Installing a TracRac Cargo Support System
By Tom Brownell

I needed to carry home a 36-ft. extension ladder. The calculations were simple. At 18 ft. per section, the ladder would hang out of the back of my pickup just shy of 8 ft. A short distance I might be able to make, but not the 60-mile tote that I planned. Clearly, if the ladder was going to travel in my truck, I needed some sort of rack system to support the
ladder over the truck's length instead of carrying it in the bed. I ruled out homemade racks as too crude and began looking for a commercial product. Since my truck has earned collector status-it's a 1969 Chevy "Longhorn" (a low-production model with a factory elongated 8 ft. box)-I didn't want any sort of support structure that had to be permanently mounted to the box. I also wanted a product that had nice aesthetics, so that I could leave it in place when I took the truck to shows. Finally, in a builder's magazine I spotted an ad for the TracRac-a product that matched all my specifications, and more.

Since General Motors built "Longhorn" pickups with their odd 8 ft. bed length for just three years, 1969-71, nothing designed for a modern pickup fits my truck. When I telephoned TracRac Inc. to inquire about their rack system I expected to hear, "No, that's not available for your truck." when I gave the bed dimensions. Instead, Patti Bedard, the Sales and Marketing assistant, said, "We'll send you a sheet to mark down the dimensions and engineering will draw up a rack system for your truck. And so they did. I received a detailed sheet calling for over 20 different dimensions and when the rack system arrived it fit like they'd had my truck in their shop when they made the cuts.

The TracRac consists of front and rear supports, attractively made of anodized aluminum and stoutly heliarced at the base and legs. The racks slide on tracks that sit on top of the box sides and attach by rubber plugs that fit into the stake pockets.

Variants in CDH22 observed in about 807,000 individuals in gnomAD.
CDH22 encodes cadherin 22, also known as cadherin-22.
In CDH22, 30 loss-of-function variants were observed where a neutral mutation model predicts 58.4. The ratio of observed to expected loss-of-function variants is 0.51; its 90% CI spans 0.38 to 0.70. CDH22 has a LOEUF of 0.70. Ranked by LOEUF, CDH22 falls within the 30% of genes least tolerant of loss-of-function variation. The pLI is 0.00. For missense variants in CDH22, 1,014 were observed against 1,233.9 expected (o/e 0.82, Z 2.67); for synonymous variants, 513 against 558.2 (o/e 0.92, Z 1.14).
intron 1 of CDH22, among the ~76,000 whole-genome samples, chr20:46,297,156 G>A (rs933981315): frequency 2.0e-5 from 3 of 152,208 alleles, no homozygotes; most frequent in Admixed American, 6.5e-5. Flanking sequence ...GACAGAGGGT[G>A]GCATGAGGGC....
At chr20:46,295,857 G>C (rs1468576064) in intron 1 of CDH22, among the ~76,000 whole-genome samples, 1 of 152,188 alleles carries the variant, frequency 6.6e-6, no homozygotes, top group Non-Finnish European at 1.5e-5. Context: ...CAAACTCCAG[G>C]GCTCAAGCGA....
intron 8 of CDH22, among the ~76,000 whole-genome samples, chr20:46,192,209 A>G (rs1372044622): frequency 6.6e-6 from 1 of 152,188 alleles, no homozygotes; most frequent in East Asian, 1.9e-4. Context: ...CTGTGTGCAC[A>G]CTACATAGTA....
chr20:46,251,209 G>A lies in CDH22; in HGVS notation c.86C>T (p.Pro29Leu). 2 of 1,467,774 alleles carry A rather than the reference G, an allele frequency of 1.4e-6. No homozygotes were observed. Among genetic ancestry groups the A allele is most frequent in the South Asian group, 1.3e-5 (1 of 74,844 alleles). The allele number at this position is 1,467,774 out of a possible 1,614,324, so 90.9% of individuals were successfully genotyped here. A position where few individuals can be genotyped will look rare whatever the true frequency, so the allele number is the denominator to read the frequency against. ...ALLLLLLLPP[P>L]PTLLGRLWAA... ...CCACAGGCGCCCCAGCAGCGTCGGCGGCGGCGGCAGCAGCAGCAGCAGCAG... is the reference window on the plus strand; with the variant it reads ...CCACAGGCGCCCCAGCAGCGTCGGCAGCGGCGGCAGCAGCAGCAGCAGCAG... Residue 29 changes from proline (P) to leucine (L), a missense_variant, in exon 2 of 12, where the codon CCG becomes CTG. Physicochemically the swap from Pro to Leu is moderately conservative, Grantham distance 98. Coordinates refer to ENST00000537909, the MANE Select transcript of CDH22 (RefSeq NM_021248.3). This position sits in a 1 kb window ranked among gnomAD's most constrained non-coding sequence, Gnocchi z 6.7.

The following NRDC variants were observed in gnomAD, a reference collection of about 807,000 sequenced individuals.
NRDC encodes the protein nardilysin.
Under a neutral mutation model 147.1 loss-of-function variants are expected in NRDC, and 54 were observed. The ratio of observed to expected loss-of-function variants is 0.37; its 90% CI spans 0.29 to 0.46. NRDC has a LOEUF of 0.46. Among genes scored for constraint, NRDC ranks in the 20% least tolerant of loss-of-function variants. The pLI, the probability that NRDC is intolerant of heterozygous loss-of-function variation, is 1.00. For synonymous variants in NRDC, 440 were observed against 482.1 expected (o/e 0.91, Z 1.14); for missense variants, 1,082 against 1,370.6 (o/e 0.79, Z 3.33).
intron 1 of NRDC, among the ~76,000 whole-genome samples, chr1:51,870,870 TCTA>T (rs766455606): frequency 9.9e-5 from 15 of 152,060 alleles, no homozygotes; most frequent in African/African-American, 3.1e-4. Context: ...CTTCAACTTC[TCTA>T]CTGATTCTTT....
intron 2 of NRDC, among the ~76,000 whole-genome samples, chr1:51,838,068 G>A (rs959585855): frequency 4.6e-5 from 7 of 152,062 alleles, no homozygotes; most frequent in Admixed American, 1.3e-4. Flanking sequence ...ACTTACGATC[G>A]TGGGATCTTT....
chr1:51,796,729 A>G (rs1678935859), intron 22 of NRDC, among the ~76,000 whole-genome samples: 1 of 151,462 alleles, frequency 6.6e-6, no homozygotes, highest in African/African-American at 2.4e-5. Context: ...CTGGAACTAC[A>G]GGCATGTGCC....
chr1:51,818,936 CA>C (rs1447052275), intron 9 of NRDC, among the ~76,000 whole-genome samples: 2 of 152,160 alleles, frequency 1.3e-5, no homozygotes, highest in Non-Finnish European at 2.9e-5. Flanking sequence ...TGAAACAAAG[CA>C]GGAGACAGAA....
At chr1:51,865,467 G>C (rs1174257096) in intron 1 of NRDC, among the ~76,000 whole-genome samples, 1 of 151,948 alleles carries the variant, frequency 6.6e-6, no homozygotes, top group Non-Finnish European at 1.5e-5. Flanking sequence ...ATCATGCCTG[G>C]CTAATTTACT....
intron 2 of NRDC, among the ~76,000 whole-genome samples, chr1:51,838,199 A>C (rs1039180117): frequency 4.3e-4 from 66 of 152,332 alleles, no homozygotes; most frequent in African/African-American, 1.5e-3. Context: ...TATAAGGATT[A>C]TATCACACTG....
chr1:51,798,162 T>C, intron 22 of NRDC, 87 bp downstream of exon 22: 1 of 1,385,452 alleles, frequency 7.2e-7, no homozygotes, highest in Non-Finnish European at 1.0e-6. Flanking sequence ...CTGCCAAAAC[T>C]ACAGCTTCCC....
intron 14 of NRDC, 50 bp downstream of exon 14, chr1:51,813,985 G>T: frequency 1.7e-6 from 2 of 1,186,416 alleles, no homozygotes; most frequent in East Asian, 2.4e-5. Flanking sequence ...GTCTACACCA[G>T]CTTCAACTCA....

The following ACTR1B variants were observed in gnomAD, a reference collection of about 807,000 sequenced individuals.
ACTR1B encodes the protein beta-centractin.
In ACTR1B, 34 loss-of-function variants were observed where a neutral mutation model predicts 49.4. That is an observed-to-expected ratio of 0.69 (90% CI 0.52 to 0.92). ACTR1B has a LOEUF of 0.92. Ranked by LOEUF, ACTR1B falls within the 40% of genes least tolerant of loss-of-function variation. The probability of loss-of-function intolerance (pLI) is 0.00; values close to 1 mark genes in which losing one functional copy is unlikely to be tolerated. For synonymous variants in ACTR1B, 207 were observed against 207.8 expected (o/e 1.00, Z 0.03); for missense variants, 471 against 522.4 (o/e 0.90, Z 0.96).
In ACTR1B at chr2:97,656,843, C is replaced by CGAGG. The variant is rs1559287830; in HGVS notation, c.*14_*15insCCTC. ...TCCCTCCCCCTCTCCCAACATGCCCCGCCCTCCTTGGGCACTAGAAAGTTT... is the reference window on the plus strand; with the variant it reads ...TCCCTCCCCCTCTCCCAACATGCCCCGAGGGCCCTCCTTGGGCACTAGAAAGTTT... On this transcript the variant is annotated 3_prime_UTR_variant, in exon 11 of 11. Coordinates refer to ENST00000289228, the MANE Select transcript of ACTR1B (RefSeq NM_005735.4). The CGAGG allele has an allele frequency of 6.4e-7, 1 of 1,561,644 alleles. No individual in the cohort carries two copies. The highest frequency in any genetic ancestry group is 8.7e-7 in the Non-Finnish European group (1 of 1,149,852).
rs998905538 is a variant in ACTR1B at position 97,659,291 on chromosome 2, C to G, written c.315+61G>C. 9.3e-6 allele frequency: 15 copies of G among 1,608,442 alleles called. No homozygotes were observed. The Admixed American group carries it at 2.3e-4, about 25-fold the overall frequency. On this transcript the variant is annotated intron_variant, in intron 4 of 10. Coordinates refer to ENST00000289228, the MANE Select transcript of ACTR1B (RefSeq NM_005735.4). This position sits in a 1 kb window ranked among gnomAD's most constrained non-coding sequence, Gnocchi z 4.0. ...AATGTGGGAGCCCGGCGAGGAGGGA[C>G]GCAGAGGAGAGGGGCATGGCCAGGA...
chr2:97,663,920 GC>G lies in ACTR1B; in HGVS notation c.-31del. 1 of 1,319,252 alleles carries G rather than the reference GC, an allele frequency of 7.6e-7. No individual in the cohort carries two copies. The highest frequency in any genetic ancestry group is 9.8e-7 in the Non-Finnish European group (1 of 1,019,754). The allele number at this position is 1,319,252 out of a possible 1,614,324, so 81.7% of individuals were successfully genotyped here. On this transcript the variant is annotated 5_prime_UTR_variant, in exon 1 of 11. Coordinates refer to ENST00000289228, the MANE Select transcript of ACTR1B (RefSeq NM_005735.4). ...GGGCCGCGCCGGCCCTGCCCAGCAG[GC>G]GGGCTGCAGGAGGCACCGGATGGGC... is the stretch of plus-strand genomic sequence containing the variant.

The plugs compress into the pockets by tightening 3/8 in. cap screws. The whole unit fits sturdily enough to support 1000 lb. weight, yet has no permanent mounting to the truck.

The instructions put assembly time at one hour. After you've mounted one or two rack systems so you don't need to read the instructions, and have gathered all the tools and supplies needed at the start, an hour might be feasible. From cutting open the box to putting away the tools, mounting the TracRac on my truck took me 3 hours. There's more to this job than bolting a few pieces together. First, the tracks need to sit squarely on the tops of the box sides. If the tops are beveled, as they are on some trucks, then plastic shims (supplied with the kit) need to be placed under the tracks. In order for the racks to slide, it's crucial that the tracks be both parallel and on a level plane.

You may wonder why it's necessary for the racks to slide. After all, the purpose is a support structure for long objects. True, but being able to draw the racks together has advantages I'd never considered when I first saw this product. The obvious advantage is using the racks like a clamp when carrying tall objects.

Mounting the TracRac over a bedliner requires an extra step of drilling holes in the liner for the mounting bolts that thread through the rubber plugs. Likewise, installing a TracRac System on a truck without stake pockets requires drilling holes in the tops of the box sides to attach the tracks.

Whatever the application, TracRac is a top-quality American-made product, conveniently available through nation-wide retailers like Home Depot, GMC and Chevrolet dealerships, and from the manufacturer by calling 1-800-501-1587. If your truck's dimensions are "out of standard," as mine were, TracRac can engineer a system to fit.

Besides safely carrying home the ladder, the TracRac System on my truck will have lots of uses, from toting our canoe to whatever cargo won't conveniently fit inside the truck's 81/2 ft. box.